After capturing Ciudad Rodrigo and Coa, he was defeated at the Battle of Buçaco. Working with Marshal André Masséna, Ney and the French flanked the British position and continued their advance until they were turned back at the Lines of Torres Vedras. Unable to penetrate the allied defenses, Masséna ordered a retreat. During the withdrawal, Ney was removed from command for insubordination. Returning to France, Ney was given command of the III Corps of the La Grand Armée for the 1812 invasion of Russia. In August of that year, he was wounded in the neck leading his men at the Battle of Smolensk.
As the French drove further into Russia, Ney commanded his men in the central section of the French lines at the Battle of Borodino on September 7, 1812. With the collapse of the invasion later that year, Ney was assigned to command the French rearguard as Napoleon retreated back to France. Cut off from the main body of the army, Ney's men were able to fight their way through and rejoin their comrades. For this action he was dubbed "the bravest of the brave" by Napoleon. After taking part in the Battle of Berezina, Ney helped hold the bridge at Kovno and reputedly was the last French soldier to leave Russian soil.
In reward for his service in Russia, he was given the title Prince of the Moskowa on March 25, 1813. As the War of the Sixth Coalition raged, Ney took part in the victories at Lützen and Bautzen. That fall he was present when French troops were defeated at the Battles of Dennewitz and Leipzig. With the French Empire collapsing, Ney aided in defending France through early 1814, but became the spokesman for the Marshal's revolt in April and encouraged Napoleon to abdicate. With the defeat of Napoleon and restoration of Louis XVIII, Ney was promoted and made a peer for his role in the revolt.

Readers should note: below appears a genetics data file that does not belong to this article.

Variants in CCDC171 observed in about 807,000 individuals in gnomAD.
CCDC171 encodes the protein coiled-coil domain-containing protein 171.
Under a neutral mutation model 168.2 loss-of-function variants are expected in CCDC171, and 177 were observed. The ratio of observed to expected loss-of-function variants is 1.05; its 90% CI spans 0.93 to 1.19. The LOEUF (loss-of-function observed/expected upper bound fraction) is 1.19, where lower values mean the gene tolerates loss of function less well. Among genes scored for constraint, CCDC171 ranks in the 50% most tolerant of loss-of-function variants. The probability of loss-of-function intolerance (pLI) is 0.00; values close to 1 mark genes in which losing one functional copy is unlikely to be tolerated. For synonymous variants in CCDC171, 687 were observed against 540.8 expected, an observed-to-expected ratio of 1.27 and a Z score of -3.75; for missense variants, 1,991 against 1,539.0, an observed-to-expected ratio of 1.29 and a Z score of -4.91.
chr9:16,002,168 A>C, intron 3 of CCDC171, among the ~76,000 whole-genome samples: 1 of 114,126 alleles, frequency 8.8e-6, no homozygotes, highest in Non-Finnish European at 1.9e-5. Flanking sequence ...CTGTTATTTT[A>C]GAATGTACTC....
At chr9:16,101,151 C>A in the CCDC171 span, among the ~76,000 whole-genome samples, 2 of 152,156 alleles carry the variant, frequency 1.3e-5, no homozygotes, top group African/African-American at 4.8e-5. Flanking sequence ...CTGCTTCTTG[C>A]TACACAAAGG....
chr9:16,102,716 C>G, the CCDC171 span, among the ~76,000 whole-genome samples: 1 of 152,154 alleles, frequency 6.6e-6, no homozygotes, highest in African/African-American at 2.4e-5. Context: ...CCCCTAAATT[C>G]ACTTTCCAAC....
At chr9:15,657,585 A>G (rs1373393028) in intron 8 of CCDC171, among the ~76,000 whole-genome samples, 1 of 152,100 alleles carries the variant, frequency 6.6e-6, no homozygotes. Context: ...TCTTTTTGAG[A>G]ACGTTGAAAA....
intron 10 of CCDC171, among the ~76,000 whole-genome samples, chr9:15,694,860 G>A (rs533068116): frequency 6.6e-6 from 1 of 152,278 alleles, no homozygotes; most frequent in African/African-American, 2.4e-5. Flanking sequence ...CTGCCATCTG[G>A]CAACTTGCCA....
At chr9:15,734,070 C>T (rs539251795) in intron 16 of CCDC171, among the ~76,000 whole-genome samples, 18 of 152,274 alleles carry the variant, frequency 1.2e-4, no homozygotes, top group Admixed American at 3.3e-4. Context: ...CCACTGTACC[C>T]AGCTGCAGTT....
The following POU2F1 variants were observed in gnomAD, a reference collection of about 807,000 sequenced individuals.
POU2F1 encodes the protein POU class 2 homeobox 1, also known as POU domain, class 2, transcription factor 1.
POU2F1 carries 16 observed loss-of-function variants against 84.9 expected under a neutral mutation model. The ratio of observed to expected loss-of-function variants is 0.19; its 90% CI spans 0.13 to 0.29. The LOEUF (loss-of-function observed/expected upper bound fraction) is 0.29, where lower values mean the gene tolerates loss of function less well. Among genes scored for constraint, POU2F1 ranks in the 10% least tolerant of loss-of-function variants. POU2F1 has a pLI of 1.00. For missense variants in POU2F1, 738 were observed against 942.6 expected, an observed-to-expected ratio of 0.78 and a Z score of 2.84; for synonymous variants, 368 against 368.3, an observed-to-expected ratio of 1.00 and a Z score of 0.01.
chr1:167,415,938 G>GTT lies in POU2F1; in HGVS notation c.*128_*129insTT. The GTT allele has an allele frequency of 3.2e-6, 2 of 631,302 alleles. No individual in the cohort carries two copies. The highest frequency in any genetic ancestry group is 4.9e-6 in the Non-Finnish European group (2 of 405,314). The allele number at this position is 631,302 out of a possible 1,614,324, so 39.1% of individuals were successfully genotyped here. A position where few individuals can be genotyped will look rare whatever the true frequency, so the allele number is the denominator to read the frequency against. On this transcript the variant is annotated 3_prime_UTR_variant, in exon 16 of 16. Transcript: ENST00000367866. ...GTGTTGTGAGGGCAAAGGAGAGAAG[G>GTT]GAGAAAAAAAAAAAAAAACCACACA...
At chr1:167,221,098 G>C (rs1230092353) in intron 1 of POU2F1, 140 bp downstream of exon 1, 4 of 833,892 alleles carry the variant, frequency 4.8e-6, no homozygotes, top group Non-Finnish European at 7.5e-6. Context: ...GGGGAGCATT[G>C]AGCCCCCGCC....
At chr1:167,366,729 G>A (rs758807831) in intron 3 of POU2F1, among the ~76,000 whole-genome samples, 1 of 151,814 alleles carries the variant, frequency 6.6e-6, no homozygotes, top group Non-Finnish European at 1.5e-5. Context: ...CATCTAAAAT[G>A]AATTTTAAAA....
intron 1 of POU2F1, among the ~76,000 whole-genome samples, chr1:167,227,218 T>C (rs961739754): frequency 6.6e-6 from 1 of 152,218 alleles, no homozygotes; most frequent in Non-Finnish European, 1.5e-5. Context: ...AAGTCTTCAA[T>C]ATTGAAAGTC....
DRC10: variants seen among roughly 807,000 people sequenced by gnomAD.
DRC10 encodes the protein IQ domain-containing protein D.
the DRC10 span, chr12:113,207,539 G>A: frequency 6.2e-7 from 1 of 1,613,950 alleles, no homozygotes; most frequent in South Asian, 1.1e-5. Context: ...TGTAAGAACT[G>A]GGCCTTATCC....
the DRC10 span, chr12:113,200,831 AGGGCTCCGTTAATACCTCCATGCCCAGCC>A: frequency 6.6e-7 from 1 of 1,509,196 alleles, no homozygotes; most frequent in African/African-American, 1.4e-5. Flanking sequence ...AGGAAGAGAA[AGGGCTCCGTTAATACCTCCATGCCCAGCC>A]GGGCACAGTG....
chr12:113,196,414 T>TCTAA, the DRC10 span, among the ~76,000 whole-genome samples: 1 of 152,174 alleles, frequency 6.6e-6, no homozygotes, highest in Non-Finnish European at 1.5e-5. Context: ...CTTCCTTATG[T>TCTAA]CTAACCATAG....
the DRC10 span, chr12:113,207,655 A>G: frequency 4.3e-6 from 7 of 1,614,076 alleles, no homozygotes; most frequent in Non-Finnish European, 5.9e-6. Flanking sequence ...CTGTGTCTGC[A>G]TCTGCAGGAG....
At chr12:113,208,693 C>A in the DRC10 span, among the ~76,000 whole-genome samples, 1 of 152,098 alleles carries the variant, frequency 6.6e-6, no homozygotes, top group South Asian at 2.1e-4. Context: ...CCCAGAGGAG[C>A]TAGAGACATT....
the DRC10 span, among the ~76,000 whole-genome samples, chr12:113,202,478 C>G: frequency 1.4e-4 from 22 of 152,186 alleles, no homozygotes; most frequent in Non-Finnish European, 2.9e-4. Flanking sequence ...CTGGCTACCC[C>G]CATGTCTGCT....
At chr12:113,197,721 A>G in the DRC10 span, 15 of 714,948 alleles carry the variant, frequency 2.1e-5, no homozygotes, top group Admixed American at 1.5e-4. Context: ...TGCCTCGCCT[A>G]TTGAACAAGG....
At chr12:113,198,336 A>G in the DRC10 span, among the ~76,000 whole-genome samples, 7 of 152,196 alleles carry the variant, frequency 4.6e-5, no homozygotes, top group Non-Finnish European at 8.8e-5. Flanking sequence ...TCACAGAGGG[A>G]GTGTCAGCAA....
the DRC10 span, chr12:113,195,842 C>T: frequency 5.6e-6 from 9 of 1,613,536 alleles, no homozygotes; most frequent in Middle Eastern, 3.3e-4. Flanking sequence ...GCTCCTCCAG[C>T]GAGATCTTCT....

Michel Ney - The Hundred Days & Death:
Ney's loyalty to the new regime was quickly tested in 1815, with Napoleon's return to France from Elba. Swearing allegiance to the king, he began assembling forces to counter Napoleon and pledged to bring the former emperor back to Paris in an iron cage. Aware of Ney's plans, Napoleon sent him a letter encouraging him to rejoin his old commander. This Ney did on March 18, when he joined Napoleon at Auxerre
Three months later, Ney was made the commander of the left wing of the new Army of the North. In this role, he defeated the Duke of Wellington at the Battle of Quatre Bras on June 16, 1815. Two days later, Ney played a key role at the Battle of Waterloo. His most famous order during the decisive battle was to send forward the French cavalry against the allied lines. Surging forward, they were unable to break the squares formed by the British infantry and were forced to retreat.
Following the defeat at Waterloo, Ney was hunted down arrested. Taken into custody on August 3, he was tried for treason that December by the Chamber of Peers. Found guilty, he was executed by firing squad near the Luxembourg Garden on December 7, 1815. During his execution, Ney refused to wear a blindfold and insisted upon giving the order to fire himself. His final words were reportedly:
"Soldiers, when I give the command to fire, fire straight at my heart. Wait for the order. It will be my last to you. I protest against my condemnation. I have fought a hundred battles for France, and not one against her... Soldiers Fire!”